in deposits does suggest a reason why some ac
commodation may have been declined. With
$32,000,000 less on hand, it hardly is to be ex
pected that the banks would greatly increase the
loans carried. It is likely that never in the his
tory of Omaha banks has so great a proportion
of their deposits been actually employed. Money
is at work, and credit is getting stronger all the
time, but "cats and dogs" do not get much
attention. .
Lord Mayor O'Callaghan's entrance to the
LTnited States may remind some folks of the
way Tom and Huck rescued the "nigger" from
the smokehouse.
Congress is going after the payrolMn a
fashion, that indicates a reduction in the popula
tion figures of the District of Columbia.
Mr. Harding probably will remember the day
he rode the goat twenty-nine times.
Bids for paving county roads may now come
on a new basis. :. " '
Kentucky tobacco growers were
wt.vs mi-
So long, Jerry; hurry back.
The Flavor Lasts.
Sir: Up In Wisconsin there was a skunk farm
adjoining the railroad right of way, where thou
sands of the' pretty little creatures were raised
for their skins. On this particular night a larse
number of them, escaping through a break In
the enclosure, started on a moonlight pilgrim
age down the railroad track. When, a short time
later, the express bore down on them, they
bravely stood their ground, and, although many
were killed, registered a unanimous and vlgeabus
protest. It being summer time, the car windows
were all open, and the awakened passengers
emerged from their berths gasping for breath.
At the next stop, a division point, even the car
Inspectors fled precipitately, and had to be
coerced into performing their duties; and at each
station thereafter, "-every one In sight suddenly
had business elsewhere the minute the train
arrived. - OLD TIMER. .
APPARENTLY everybody in town read that
personal asking for "information leading to the
whereabouts of Jaques Seigneur, Frenchman,
Who died in 1879," and many otuja boards were
dusted off and put in service again.
(From the Warren Sentinel-Leader.).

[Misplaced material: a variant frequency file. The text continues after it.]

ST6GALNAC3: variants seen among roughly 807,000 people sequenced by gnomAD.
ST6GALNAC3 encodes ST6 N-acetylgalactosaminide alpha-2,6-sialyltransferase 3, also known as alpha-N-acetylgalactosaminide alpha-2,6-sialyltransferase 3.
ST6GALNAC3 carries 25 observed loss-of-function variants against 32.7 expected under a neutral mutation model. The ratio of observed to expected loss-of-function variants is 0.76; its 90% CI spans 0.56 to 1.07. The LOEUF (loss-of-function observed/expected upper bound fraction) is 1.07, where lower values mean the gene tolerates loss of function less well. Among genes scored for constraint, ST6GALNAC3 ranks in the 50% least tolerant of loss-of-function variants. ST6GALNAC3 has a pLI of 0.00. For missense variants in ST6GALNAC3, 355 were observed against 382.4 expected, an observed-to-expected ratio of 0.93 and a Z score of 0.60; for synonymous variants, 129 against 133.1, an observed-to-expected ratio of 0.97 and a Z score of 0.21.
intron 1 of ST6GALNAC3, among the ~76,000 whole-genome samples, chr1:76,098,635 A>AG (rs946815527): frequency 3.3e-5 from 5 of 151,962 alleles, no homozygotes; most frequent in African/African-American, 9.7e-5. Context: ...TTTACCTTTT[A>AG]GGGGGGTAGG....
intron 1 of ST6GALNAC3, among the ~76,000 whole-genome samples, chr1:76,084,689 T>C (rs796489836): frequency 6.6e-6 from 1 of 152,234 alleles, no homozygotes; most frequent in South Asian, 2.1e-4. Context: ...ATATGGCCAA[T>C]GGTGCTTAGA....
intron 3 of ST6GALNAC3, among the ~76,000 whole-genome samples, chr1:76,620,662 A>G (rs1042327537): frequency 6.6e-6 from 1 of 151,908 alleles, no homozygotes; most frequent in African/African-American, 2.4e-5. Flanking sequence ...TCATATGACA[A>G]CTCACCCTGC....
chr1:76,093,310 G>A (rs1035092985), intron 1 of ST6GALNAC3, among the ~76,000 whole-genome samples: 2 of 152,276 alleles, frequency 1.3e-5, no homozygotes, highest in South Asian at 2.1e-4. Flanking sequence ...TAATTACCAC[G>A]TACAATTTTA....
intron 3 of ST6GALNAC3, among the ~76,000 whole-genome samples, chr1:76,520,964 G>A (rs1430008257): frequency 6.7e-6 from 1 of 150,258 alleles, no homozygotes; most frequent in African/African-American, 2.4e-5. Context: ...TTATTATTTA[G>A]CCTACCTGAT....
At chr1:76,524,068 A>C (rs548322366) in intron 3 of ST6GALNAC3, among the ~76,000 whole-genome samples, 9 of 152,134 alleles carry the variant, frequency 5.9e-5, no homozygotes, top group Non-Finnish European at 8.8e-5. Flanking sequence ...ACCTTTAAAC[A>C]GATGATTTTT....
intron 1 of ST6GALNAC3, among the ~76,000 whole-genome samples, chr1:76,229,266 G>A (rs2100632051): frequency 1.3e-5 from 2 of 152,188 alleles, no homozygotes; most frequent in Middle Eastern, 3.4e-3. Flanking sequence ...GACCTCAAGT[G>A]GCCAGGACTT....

A Christmas golden wadding was cele
brated at the home of Mr. and Mrs. Singer,
when the children and grandchildren
gathered at "their home and brought good
things to eat and a lovely dinner was
served. Mrs. Mable Klippinger of Freeport
made a . lovely cake, and Mrs. McNett
brought a beautiful white cake. They re-
ceived many lovely presents, and Harry C.
Puckett and wife of Seattle, Wash., sent a
beautiful box of roses and green leaves for
decorations, and Will McNett brought a
lovely box of candy. " ,
PEOPLE were interested in the motions of
1invnlr n n rl frrpctri1 s4ic turn r n f 1 1 m e nrrA
but there was no means of cofmnunicatine in
formation to them, as there were no swiftly mov-J
iu& launtty wains lu cuipiuy as uiuairauuiis.
People Hate to Change.
Sir: While ringing out the old ones, It
chanced to occur to me to advise you that in
Cuba it is the custom among the inland and out-of-the-way
towns to drive the goat around to
the households. The milk man advises the
huosehold that: he and his goods fSave arrived
and the housewife promptly brings out the baby
and hitcnes it onto the goat and in this way no
middle man enters Into the deal. Milking ma
chines, cans, bottles or containers, delivery
wagons, dirty feet'in the kitchen or the back
porch, frozen milk, split ditto, sour ditto, watered
ditto, and other kindi'Bd accessories of the milk
business are done away with. Would it be ask
ing too much to have you sponsor-tv movement
designed to introduce this most excellent system
In our midst? Sorry. Was afraid it iilght
IFEngland wee to stop muddling and Ire